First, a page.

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Report claims spirit-ad responsibility success

By Neil Merrett , 09-Dec-2008

The ongoing debate on the effectiveness of self regulating responsible advertising for European sprits manufacturers rages on with a new report suggesting the industry in generally is living up to its commitments.

While industry-led organisations like the UK-based Portman Group continue to drive ahead with advertising initiatives, some health care organisations have questioned the willingness of the alcohol industry to work to its own detriment by restricting promotions.

However, the European Advertising Standards Alliance (EASA), says an impendent expert panel found that 95 per cent of 542 TV and print ads for spirits products, which were published between October and December last year, complied with industry regulations standards.

According to the European Sprits Organisation (CEPS), these standards are benchmarked against both national legislation and advertising codes across the bloc.

The study, which was conducted across 19 EU member states, was first initiated back in 2005 to measure industry compliance with its own self-regulation initiatives.

In the latest review, a panel including Lucien Bouis, Jack Law of charity Alcohol Focus Scotland and Marie-Hélène Cussac of think tank group Generation Europe rated the advertising campaigns.

Concern over alcohol abuse in the bloc continues to rise, particularly in regards to young people, leading to growing pressure from EU politicians for the industry to curb promoting excessive drinking.

Responsible ‘proof’

Jamie Fortescue, CEPS director general, said that the study was proof that self-regulation of advertising for spirits groups was having an impact.

“In response to ongoing discussions about the effectiveness of self-regulation in the EU Alcohol and Health Forum, this report shows that industry delivers on its advertising and monitoring commitments,” he stated.

Elizabeth Crossick, chairperson of industry led responsible drinking group the European Forum for Responsible Drinking (EFRD), said that the study has also helped to ensure the industry was better equipped to push responsible drinking messages.

“This yearly analysis is an important tool for companies to improve understanding of what is and is not acceptable advertising and to further ensure that only responsible advertising are placed on the market,” she stated.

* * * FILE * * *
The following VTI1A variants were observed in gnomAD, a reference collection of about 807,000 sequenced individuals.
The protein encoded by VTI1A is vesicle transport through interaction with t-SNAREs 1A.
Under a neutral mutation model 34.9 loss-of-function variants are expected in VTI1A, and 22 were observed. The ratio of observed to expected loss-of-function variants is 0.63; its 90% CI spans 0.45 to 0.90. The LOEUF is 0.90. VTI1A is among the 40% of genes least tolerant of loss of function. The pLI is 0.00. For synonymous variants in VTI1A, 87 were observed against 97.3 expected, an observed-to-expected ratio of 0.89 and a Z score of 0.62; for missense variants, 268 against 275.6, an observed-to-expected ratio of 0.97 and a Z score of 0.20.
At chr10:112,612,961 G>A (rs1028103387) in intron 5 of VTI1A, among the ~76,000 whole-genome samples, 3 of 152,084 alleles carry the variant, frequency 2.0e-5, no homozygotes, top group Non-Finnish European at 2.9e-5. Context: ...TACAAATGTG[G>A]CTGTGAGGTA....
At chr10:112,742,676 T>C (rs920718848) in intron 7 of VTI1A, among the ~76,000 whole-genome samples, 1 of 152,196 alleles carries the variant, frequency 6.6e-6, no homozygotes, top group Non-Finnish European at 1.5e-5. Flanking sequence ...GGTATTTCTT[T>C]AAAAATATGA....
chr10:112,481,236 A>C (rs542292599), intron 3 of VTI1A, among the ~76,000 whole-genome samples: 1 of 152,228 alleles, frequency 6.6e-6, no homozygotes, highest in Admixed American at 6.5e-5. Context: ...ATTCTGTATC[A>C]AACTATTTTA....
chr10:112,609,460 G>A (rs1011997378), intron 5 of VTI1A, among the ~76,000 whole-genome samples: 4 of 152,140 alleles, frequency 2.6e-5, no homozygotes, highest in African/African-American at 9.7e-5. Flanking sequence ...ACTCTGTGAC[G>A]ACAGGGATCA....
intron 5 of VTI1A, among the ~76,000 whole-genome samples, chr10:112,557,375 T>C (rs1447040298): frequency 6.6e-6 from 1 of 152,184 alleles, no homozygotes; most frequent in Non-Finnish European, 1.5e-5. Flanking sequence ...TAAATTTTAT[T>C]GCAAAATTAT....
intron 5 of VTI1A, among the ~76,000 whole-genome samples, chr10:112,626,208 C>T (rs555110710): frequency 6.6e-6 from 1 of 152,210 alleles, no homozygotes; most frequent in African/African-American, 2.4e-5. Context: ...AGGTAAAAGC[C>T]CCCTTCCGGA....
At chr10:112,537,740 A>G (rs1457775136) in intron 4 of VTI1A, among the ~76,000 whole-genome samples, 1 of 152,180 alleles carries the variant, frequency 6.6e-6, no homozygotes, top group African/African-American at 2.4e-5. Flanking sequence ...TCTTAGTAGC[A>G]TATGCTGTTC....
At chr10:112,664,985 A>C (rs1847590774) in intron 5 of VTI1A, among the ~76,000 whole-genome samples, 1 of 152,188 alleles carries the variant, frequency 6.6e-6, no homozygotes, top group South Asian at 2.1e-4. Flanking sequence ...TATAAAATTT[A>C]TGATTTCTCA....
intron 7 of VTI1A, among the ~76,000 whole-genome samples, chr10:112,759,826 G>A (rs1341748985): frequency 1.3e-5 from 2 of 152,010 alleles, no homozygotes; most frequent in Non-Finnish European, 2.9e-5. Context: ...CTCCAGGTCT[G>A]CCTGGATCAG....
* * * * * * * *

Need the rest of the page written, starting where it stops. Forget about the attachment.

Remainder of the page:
On the back of a number of industry drives to continue to promote its commitment to self regulation over the last year, some heath groups remain critical of spirits makers’ claims over responsible promotion.

Andrew McNeill, honorary secretary for the alcohol policy group Eurocare, told earlier this year that around the world, industry-led social responsibility schemes are still viewed with cynicism by some health professionals.

McNeill claims that strong doubts persist over whether programs like the Portman Group's code of practice, which limits what imagery and messages can be used in adverts, provides the best solution for discouraging irresponsible drinking.

"One difficulty for the industry is that it is hard to persuade health care groups that it will voluntarily work to its own detriment," he said.

Ongoing debate

McNeill added that debate over the effectiveness of industry led responsible messages and self-regulation was likely to rage on as a key issue of the European Commission's (EC) Alcohol Health Forum.

"Certainly in the UK, advertising is a major problem related to alcohol policy," McNeill stated. "Too often, the only issue under discussion is how alcohol content is represented, with more of a focus on volume issues needed."

According to Eurocare, the rising use of new online media is also contributing to the problem, with the group claiming that a simple on-line search is likely to provide a number of examples of irresponsible drink promotions.

"Initiatives like those of the Portman group are doing useful things in the industry," he said. "But one has to ask if they would be doing this without pressure from public health lobbies."

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